Robust Biosecurity System Needed to Safeguard Food Security in India

Shashi B Sharma

President, The World BioProtection Forum, Perth, Australia

India, the second most populous nation in the world, which is home to about 18% of the global population has achieved amazing progress in food production. A net importer of food grains in the 1960s is now a self-sufficient nation in food production, While India’s population has tripled since achieving independence in 1947, its food grain production has increased nearly sixfold. India is now the world’s largest producer of milk, pulses and millets, and the second-largest producer of rice, wheat, sugarcane, groundnuts, vegetables, fruit, and cotton. Unfortunately, India has not yet been successful in translating its success with food production to achieving food security for all. There are still about 200 million undernourished people in India. Nearly 24 percent of all the undernourished people in the world live in India. This is a very alarming statistic, and it appears to undermine the fact that India is successful in meeting the food needs of about 1.1 billion people. It is anticipated, from past successes and current initiatives, that India will be capable of achieving food security for all the people in foreseeable future. However, one of the weak links and critical risks to achieving food security for all is the lack of a robust national biosecurity system needed to safeguard its food and agriculture sector from biosecurity risks, particularly in this era of globalisation.

Biosecurity risk exposure is generally related to the volume of importation of potential carriers of pests and diseases. Given ever-increasing trade and the number of people moving in and out of India, it is now a matter of when — not if — there will be a major pest or disease epidemic in India that would impact on its food production, storage, distribution, and food safety. The inadequate preparedness to manage and respond to biosecurity incidents and epidemics is a cause for major worry as this can jeopardise the food security mission. If a covid 19-like threat to plants devastates just one of the staple crops, it will have a disastrous impact on food security of India and may cause widespread famine.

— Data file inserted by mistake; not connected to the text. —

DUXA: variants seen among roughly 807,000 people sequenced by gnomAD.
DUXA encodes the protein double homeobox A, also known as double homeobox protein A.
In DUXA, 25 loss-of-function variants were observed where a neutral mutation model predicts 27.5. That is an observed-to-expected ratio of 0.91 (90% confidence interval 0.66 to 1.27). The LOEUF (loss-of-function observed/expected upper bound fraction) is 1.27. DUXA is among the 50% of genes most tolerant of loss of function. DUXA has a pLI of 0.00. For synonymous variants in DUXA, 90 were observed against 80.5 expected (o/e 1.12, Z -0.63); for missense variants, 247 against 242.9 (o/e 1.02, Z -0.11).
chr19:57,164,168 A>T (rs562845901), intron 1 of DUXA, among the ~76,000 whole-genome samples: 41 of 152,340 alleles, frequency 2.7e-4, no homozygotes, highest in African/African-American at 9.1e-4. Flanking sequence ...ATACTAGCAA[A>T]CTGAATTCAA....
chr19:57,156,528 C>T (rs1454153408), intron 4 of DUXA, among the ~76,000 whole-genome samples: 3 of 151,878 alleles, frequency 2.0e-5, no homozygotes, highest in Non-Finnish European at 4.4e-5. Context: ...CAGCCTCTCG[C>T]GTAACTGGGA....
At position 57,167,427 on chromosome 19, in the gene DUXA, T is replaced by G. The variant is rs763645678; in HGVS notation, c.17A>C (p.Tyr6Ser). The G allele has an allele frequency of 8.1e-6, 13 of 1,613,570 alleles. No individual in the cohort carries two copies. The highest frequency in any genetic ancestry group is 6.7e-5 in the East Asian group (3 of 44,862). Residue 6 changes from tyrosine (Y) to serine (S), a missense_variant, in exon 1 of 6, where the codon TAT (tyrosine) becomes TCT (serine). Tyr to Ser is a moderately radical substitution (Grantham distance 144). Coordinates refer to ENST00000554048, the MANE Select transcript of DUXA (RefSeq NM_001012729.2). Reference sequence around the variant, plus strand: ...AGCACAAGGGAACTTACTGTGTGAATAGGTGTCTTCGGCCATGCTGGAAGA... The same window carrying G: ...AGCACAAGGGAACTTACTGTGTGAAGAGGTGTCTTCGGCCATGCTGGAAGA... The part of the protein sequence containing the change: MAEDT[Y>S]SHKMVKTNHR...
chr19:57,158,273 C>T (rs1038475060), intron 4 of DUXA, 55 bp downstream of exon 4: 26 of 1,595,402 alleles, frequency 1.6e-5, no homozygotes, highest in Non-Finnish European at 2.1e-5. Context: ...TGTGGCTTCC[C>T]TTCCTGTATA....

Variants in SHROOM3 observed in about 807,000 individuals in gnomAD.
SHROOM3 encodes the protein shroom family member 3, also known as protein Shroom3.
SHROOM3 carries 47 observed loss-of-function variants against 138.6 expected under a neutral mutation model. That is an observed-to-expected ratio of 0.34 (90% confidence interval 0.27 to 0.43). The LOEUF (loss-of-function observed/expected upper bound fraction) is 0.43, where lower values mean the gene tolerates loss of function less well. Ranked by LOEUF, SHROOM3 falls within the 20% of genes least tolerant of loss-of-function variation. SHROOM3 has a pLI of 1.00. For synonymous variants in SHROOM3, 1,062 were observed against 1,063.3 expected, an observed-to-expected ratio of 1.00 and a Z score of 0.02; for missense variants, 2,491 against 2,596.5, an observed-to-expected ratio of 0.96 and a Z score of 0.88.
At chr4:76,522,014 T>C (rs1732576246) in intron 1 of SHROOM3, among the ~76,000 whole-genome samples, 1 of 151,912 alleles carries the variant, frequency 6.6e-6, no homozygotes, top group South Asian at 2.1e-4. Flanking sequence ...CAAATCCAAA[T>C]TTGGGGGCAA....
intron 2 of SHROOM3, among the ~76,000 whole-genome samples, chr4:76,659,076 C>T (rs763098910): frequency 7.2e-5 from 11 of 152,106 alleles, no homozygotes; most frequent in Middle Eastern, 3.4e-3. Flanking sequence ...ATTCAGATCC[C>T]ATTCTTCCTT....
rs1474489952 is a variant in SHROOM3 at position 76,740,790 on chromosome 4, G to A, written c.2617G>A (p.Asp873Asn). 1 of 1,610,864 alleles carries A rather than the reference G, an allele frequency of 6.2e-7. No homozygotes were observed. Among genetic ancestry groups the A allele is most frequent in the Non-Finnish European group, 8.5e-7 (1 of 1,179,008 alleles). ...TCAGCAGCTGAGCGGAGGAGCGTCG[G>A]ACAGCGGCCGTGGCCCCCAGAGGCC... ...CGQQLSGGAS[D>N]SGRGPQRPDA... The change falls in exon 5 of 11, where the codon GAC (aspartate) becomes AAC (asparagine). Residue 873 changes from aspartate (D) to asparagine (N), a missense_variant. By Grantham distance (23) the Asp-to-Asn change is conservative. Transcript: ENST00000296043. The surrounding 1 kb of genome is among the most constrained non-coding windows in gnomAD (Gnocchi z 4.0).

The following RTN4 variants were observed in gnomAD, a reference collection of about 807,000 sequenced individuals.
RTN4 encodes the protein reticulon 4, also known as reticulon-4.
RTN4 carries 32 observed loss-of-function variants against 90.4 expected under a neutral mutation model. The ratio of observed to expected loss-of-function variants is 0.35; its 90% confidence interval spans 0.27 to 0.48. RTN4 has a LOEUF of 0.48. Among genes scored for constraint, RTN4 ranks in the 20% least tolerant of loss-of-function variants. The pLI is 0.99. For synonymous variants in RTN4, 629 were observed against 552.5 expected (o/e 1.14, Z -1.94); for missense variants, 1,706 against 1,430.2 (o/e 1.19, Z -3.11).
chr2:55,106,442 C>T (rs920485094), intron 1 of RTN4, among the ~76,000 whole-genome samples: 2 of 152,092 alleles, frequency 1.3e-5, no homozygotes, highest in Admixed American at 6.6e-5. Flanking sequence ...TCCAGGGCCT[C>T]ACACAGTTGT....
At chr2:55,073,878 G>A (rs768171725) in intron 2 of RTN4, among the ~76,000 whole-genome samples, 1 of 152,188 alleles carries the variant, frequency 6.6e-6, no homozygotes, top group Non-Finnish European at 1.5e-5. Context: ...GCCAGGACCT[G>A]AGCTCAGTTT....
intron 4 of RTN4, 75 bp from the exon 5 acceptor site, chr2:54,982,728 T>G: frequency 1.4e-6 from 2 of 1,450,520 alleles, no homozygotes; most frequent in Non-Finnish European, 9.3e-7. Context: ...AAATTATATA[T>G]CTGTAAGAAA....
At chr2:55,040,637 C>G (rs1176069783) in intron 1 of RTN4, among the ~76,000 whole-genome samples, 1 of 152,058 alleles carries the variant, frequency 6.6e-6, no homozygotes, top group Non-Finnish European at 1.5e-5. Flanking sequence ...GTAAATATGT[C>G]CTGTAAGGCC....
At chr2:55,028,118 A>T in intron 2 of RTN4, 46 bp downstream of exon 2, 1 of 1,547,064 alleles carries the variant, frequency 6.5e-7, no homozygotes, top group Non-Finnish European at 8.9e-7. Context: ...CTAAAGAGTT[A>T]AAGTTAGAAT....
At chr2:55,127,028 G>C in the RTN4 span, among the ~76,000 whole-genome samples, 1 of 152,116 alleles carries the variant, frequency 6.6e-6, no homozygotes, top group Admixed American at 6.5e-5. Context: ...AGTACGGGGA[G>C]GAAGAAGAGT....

Presently, India has some elements of the biosecurity system in place. However, they are scattered over several agencies and there is a lack of a consolidated overarching strategy, or a mechanism for ensuring proper biosecurity risk management. There is apparent lack of a strong biosecurity science capability to develop sound strategies and policies, and successfully manage the impact of biological threats. India has a shortage of biosecurity specialists to build this national capacity and capability.

Development of a robust biosecurity system is critical to safeguarding food security in India. The Government of India must prepare and implement a well-envisioned and strong biosecurity strategy with a comprehensive operational system in place to manage the biosecurity risks on an ongoing basis. A robust national biosecurity system will set an overall direction for biosecurity, identify priority areas for biosecurity programs, establish proper agreements between the federal and state governments to ensure commitment in implementation of biosecurity measures, and raise public awareness and understanding of biosecurity. The robust biosecurity system must include but should not be limited to:

  • An over-arching national biosecurity strategy and framework with a single business plan assigning responsibilities and accountabilities.
  • A single Biosecurity Act which clearly assigns powers and responsibilities to respond to biosecurity risks.
  • Establishment of Appropriate Level of Protection and a formal biosecurity risk assessment process based on international best practice.
  • An integrated presence at international entry points such as airports, involving publicity, declarations, amnesty bins, random inspections, and X-rays.
  • Biosecurity surveillance of all potential pathways and entry points, including random checks.
  • Appointment of a lead agency responsible for all biosecurity operations across different sectors.
  • Implementation of a national pest and disease surveillance strategy
  • Preparation of a national biosecurity emergency incident management plan.
  • Establishment of a specific agri-food bioterrorism response plan.
  • Preparation of biosecurity contingency plans for each sector.

The success of India’s mission of achieving food security will be underpinned by many and varied factors and, establishment of a robust biosecurity system will be one of the most important factors. Enactment of Agriculture Biosecurity Bill, which has been pending in Parliament since 2013, will be an obvious step in the right direction for establishing a robust biosecurity system. India must instil a biosecurity culture, which means it is clear to all that – biosecurity is everyone’s responsibility: governments, businesses and communities all have a role and responsibility for achieving and maintaining a robust biosecurity system in the nation.

This blog was first published in the Compendium of the International Conference on Global Perspectives in Crop Protection for Food Security (GPCP-2021), December 8-10, 2021 (LP-N5)

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